Centers on Terry Gannon, a recently divorced single mother who temporarily moves in with her estranged father, a beer-swilling former baseball player. She reluctantly starts coaching her ... See full summary »
What do you do after graduating college? Go to work. And that is exactly what Matt wants to do. He wants to climb up the corporate ladder the old-fashion way: by working. But with the ... See full summary »
So you think Romeo and Juliet had family issues? Listen to this. Bobby is a bartender and the only son of gregarious, salt-of-the-earth Irish Catholic parents from Boston. His fiancée, Liz,... See full summary »
John Benjamin Hickey
When an only child New Yorker moves to Kansas so his wife can be closer to her family, he finds things getting a little too close for comfort. From her bug-collecting brother to her smug, ... See full summary »
Jason Bateman plays a gay Greenwich Villiage writer. His sexual orientation isn't suspected initially by the fellow who has responded to his newspaper ad for a new roommate. Though the road... See full summary »
Gordon Stiles' life is not easy. He's an executive whose boss, Mr. Peterson is overbearing, demanding, and insufferable. His brother, Jimmy, is an actor but one would have to wonder if he ... See full summary »
Jon Patrick Walker,
When Kelly and Michael decide to get married, they want to have an off-beat wedding without all the traditional glitz. But when their friends and Kelly's mother introduce them to the rules ... See full summary »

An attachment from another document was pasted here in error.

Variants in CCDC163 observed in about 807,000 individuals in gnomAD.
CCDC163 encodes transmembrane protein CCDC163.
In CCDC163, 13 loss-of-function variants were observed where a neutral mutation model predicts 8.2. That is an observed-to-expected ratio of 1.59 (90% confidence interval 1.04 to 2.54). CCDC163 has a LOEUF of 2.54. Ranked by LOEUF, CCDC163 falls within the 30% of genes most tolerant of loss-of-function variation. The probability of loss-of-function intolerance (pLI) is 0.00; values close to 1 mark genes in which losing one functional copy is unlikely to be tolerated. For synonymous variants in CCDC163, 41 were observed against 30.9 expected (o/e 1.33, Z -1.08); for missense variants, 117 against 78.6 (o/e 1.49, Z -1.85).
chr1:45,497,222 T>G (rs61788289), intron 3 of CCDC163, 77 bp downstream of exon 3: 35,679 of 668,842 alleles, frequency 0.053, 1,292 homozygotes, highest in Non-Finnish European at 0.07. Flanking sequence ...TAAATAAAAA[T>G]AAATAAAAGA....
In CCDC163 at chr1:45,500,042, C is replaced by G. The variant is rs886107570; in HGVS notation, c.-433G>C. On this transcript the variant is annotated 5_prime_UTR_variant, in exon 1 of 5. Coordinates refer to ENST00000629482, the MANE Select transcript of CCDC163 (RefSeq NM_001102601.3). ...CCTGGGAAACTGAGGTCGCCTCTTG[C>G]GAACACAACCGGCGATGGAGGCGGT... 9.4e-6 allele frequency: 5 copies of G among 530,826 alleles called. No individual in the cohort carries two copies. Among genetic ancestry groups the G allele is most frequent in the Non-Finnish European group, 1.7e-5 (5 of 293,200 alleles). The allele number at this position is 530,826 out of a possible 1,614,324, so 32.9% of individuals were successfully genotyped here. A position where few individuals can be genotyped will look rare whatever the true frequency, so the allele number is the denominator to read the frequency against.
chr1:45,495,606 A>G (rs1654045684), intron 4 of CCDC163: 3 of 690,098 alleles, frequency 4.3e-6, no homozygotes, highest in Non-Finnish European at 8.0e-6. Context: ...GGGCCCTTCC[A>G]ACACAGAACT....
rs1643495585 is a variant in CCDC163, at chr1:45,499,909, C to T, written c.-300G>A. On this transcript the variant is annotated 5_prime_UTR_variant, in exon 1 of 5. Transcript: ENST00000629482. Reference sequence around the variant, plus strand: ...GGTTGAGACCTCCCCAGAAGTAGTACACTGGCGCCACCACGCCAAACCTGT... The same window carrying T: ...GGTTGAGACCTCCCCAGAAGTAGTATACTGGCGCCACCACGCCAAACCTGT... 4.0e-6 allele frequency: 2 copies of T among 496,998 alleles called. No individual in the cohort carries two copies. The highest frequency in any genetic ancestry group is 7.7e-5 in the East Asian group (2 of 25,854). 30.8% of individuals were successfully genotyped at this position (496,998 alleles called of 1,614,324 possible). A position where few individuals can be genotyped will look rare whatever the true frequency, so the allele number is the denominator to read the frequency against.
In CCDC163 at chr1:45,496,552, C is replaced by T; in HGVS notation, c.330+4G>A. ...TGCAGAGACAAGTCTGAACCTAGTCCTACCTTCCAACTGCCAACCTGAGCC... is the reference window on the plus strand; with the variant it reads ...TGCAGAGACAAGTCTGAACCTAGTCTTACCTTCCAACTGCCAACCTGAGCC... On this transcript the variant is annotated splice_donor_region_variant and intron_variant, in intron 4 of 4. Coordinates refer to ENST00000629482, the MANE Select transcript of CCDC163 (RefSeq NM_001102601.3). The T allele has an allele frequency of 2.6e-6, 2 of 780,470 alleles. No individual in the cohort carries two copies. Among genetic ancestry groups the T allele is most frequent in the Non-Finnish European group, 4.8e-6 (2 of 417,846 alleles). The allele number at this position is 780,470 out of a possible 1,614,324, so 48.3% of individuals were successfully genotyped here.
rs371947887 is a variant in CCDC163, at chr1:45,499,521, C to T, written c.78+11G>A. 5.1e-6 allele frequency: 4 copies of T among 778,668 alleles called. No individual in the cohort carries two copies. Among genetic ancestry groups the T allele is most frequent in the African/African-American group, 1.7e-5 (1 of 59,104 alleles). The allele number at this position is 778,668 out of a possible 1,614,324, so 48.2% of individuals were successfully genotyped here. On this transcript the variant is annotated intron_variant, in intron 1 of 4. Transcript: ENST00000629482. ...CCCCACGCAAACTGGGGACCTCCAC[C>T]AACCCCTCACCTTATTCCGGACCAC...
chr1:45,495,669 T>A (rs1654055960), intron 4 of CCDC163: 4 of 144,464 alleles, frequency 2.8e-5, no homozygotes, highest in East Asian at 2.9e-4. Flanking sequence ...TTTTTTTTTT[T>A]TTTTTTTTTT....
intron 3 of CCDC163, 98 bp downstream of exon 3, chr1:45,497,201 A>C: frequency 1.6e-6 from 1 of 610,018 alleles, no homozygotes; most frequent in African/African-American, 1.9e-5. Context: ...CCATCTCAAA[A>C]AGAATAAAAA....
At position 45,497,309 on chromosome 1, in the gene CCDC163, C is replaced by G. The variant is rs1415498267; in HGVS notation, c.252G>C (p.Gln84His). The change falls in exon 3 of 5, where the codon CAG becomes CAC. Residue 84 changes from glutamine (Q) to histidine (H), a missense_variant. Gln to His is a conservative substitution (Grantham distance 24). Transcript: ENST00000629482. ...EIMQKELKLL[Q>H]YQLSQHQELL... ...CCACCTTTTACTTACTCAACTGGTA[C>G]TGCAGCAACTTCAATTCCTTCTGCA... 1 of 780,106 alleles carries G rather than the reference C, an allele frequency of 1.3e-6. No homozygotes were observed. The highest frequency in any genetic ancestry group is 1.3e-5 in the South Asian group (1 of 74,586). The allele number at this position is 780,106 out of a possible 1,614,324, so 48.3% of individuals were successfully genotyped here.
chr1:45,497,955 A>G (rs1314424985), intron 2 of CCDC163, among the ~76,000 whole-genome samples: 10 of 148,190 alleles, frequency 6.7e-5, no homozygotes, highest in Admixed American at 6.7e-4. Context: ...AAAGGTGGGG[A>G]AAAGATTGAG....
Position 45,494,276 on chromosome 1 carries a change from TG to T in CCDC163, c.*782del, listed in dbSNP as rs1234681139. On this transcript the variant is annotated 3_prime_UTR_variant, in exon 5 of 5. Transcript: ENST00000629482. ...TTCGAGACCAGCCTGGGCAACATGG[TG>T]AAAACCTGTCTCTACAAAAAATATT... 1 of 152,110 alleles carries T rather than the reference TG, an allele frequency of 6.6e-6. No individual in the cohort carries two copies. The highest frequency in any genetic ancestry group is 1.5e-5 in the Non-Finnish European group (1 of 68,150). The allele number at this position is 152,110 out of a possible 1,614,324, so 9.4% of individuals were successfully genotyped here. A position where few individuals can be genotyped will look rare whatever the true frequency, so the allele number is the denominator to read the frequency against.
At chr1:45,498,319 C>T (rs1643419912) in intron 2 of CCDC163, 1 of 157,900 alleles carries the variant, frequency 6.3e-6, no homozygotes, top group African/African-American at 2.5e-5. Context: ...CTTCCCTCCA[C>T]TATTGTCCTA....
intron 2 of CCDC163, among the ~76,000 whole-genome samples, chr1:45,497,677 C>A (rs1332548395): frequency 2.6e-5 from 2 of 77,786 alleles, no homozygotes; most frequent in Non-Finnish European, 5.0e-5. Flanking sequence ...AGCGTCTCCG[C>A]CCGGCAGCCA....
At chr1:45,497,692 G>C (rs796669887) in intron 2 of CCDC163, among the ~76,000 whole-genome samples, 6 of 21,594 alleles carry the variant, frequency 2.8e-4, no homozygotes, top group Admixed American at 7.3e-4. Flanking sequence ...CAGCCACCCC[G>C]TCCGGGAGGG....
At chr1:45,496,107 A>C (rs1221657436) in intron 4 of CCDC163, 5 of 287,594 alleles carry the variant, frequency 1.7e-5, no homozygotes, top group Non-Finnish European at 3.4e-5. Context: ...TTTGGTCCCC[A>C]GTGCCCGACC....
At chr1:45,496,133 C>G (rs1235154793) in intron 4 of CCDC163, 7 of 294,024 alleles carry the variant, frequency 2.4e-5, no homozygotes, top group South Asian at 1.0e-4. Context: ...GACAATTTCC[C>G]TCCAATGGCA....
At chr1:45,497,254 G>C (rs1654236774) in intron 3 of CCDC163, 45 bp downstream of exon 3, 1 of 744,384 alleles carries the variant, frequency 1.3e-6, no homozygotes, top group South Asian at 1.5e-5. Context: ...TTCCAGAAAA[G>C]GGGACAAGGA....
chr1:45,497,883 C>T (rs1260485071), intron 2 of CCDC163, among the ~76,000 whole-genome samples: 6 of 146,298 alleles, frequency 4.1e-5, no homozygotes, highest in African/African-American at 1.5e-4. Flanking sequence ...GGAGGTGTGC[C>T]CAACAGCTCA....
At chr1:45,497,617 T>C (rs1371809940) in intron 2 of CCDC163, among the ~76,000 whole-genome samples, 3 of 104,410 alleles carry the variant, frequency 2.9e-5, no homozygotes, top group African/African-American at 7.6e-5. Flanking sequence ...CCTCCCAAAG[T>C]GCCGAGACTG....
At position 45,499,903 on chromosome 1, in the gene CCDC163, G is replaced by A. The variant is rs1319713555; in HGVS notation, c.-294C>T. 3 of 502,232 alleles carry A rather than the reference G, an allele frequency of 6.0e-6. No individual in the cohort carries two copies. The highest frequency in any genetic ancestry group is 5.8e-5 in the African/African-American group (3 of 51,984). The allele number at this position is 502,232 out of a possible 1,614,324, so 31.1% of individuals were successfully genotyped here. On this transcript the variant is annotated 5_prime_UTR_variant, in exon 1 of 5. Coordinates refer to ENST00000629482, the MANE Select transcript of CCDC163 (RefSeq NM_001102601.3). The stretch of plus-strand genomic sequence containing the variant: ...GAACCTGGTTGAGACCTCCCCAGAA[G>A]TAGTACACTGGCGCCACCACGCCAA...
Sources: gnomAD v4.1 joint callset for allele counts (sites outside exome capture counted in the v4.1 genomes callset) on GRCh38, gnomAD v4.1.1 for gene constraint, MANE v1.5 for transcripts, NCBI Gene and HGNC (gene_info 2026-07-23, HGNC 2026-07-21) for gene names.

Hey! It's the kid from The Wonder Years! With that out the way there's not a whole lot left to enjoy in this dysfunctional family series that was cancelled after five episodes - although there were 13 made.
Fred Savage plays a closeted gay screenwriter who returns home from Hollywood to look after his mother (Jane Curtain) who has just been released from a mental institute after trying to run over her husband, because he left her for another woman. Based on the real-life experiences of the creator/writer Marco Pennette (who co-created Caroline In The City) it's good to see a gay person portrayed on TV who isn't effeminate and overly camp, and there are some decent moments in here. However, gags about mental illness, drug use and depression might not be everyone cup 0f lithium.
It moves from attempts to get a laugh to outright schmaltz in a way that The Wonder Years got away with, but here the subject matter is a lot darker, and it's hard to tell if it really works.
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